Environmental Equity

AB 32 (Global Warming Solutions Act of 1996) commits California to reducing greenhouse gas emissions back down to 1990 levels by 2020. AB 32 required the California Air Resources Board (CARB) to create a strategy, called a Scoping Plan, to meet this goal. The Scoping Plan laid out a proposed set of actions, including a cap-and-trade program that limits the greenhouse gas emissions from major sectors of our economy, including large, industrial polluters. Facilities subject to the cap must obtain permits (called allowances) to emit these gases. These allowances are auctioned by the state, and businesses can then sell or trade them. California’s cap-and-trade program was launched in November 2012 and has already generated hundreds of millions of dollars in revenue.


Cap-and-trade revenues should be leveraged to bring jobs and investment to communities hit hardest by pollution and to alleviate the impacts of climate change in those neighborhoods.

Greenlining wants to ensure that these funds reach underserved communities. In 2012, we joined with the Asian Pacific Environmental Network, Coalition for Clean Air, NAACP and Natural Resources Defense Council to co-sponsor SB 535, authored by Sen. Kevin de León (D-Los Angeles), to direct funds into underserved communities to green up these areas and create access to good, career-path jobs. SB 535, signed into law in September 2012, requires that 25 percent of the cap-and-trade funds go to projects that will benefit disadvantaged areas and that at least 10 percent must be allocated to projects actually located in disadvantaged communities. The law defines “disadvantaged communities” as those that are disproportionately affected by pollution and suffering from high concentrations of unemployment, low levels of homeownership, high rent burden, and low levels of educational attainment. See maps of these areas here.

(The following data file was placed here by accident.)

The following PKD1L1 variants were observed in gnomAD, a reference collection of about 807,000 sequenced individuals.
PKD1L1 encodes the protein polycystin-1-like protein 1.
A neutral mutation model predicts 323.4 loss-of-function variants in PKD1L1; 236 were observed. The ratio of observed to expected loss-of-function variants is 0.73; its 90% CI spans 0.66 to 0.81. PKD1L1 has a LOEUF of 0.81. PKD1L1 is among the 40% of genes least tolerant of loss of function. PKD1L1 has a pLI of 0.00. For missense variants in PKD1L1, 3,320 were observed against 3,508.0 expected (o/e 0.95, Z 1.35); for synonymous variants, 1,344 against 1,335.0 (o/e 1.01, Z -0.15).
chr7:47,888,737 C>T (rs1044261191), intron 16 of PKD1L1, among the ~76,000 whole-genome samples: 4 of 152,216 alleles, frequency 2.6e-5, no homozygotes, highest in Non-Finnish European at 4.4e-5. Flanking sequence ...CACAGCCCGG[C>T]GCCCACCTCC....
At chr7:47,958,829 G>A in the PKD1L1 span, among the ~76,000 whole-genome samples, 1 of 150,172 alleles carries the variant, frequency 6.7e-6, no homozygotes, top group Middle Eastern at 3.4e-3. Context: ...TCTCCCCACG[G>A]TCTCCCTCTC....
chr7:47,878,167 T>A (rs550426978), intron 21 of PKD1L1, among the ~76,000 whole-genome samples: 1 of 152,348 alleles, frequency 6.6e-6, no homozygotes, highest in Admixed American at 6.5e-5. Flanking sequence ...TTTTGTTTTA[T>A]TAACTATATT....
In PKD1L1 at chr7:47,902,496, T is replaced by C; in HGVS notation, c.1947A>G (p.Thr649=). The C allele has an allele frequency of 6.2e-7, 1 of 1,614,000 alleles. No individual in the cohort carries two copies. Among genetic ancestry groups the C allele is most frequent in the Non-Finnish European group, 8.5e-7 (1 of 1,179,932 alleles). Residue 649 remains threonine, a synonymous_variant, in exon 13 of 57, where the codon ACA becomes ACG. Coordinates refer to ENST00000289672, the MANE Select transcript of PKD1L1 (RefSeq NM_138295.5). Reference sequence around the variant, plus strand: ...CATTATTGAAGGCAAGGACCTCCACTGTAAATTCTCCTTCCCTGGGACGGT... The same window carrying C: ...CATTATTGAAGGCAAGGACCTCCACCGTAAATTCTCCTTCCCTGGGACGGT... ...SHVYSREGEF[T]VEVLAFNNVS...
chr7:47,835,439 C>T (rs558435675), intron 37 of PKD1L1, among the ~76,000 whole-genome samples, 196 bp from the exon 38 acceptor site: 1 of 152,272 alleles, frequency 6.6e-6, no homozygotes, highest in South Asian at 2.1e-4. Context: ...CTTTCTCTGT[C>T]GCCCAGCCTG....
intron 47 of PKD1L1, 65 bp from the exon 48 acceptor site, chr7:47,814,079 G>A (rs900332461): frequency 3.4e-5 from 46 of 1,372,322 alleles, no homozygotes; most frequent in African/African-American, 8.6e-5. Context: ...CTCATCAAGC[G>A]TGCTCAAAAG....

Now that SB 535 is law, we are making sure these funds reach the communities most in need. This includes working with the governor’s administration and the legislature to direct funding to the programs prioritized by underserved communities and to ensure transparency and accountability when the funding is allocated.


SB 535 was a great start, but we can and should do even more to bring the benefits of the growing clean energy economy to underserved communities and low-income households. In 2016, we helped to pass a new bill, AB 1550, to do just that. AB 1550 will send more dollars paid by polluters to the neighborhoods with the most smog and greatest needs, and also help low-income families throughout California save money and access clean energy – wherever in our state they happen to live. Learn more here.


We also work at the California Public Utilities Commission (CPUC) to ensure accountable implementation of cap-and-trade as it applies to the electric sector industries.

Our work includes ensuring that cap-and-trade proceeds are returned to consumers as rebates on their electricity bills, called the Climate Credit. We pushed hard for this credit, which protects California families from having to foot the bill even as we make sure electricity rates reflect the cost of pollution in order to encourage cleaner alternatives. The California Climate Credit is issued twice a year, in April and October, to Californians who get their electricity from one of the state’s three investor-owned utilities. The amount ranges from approximately $30 to $40 each time, depending on the utility company involved, and is the same for each household within a particular company’s service territory.

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